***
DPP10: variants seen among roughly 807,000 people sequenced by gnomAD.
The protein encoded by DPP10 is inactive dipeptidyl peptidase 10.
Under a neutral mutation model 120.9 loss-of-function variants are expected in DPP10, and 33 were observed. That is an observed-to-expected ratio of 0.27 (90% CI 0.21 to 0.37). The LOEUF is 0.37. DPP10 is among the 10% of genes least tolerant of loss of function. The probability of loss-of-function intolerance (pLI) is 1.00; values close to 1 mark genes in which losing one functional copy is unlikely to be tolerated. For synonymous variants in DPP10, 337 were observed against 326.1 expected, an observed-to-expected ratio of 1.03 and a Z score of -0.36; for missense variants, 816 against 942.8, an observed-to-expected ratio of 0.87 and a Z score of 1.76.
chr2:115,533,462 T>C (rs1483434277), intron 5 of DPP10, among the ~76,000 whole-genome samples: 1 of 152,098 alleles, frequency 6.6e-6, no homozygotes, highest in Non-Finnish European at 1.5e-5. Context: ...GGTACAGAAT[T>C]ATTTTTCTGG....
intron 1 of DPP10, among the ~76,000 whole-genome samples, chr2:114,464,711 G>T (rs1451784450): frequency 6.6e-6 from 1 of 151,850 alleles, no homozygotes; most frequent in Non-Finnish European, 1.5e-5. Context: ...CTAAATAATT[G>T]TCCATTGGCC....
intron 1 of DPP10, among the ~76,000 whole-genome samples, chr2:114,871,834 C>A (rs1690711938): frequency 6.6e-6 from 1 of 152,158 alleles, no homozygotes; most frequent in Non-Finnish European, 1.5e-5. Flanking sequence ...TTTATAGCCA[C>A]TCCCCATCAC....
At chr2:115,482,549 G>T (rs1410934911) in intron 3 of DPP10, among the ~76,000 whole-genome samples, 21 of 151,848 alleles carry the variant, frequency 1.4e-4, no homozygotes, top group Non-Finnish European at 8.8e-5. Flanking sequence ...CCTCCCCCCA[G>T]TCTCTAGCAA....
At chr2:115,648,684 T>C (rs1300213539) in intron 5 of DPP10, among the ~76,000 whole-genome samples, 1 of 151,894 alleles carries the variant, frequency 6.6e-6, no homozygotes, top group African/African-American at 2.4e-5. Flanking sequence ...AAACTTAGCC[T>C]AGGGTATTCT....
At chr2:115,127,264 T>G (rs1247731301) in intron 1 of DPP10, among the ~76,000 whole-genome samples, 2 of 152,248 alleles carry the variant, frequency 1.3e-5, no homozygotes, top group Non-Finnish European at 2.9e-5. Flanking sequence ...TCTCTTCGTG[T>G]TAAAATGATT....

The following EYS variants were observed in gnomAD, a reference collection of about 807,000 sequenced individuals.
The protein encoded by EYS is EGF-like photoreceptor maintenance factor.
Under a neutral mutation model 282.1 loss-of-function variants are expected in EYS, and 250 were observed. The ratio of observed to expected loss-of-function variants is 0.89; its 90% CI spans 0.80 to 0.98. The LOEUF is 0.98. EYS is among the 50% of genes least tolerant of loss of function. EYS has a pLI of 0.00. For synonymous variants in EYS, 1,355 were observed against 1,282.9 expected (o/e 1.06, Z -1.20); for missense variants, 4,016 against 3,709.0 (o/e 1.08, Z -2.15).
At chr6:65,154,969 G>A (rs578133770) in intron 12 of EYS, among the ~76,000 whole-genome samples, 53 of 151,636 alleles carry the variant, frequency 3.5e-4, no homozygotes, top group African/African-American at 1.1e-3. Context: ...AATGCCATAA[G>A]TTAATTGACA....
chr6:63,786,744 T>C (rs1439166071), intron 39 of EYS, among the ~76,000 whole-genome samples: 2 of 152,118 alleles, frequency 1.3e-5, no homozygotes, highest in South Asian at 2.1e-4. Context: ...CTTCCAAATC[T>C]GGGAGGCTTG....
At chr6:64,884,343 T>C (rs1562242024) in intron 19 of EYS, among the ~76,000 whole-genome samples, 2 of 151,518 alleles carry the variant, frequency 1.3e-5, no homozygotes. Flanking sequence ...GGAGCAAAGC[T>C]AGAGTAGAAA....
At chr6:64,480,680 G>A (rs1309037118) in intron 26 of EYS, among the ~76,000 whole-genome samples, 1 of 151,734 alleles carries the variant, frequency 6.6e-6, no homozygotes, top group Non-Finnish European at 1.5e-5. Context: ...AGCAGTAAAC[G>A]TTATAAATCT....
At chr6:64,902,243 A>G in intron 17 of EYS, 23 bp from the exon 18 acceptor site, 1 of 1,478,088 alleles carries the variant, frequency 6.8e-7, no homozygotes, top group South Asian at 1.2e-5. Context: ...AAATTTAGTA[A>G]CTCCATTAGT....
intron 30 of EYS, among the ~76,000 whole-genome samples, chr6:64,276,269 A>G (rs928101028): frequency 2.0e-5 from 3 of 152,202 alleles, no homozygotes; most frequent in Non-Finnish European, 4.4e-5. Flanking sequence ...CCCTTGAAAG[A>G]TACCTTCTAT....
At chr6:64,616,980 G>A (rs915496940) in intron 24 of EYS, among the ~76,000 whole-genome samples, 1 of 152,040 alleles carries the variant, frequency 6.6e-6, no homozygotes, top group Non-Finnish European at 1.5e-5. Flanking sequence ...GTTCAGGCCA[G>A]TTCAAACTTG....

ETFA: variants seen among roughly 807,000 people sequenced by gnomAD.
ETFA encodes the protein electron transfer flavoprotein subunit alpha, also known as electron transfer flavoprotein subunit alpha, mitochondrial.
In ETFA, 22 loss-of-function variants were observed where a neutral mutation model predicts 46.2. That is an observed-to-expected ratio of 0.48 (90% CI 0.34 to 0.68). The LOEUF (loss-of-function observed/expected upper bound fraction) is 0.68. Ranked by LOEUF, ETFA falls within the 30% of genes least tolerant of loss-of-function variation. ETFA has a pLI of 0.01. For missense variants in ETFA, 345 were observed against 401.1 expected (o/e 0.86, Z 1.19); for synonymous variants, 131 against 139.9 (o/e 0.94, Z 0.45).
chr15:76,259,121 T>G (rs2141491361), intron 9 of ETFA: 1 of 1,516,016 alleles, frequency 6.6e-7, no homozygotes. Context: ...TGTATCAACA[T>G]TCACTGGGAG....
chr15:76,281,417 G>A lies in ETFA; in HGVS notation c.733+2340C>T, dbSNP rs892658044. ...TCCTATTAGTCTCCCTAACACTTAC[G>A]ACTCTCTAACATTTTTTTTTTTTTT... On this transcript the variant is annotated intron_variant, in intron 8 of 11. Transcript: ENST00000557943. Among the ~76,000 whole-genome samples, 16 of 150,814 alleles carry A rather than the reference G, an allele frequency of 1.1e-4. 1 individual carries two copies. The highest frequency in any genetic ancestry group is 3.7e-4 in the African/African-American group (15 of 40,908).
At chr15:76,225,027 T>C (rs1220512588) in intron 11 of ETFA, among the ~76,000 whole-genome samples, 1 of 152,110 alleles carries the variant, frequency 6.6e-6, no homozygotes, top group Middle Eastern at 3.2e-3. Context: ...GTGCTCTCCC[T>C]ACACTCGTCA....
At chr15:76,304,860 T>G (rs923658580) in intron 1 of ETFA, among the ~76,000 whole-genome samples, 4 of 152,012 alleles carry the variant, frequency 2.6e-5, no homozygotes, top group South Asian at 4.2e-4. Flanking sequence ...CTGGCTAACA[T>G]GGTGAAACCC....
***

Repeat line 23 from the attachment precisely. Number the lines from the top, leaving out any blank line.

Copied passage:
chr15:76,259,121 T>G (rs2141491361), intron 9 of ETFA: 1 of 1,516,016 alleles, frequency 6.6e-7, no homozygotes. Context: ...TGTATCAACA[T>G]TCACTGGGAG....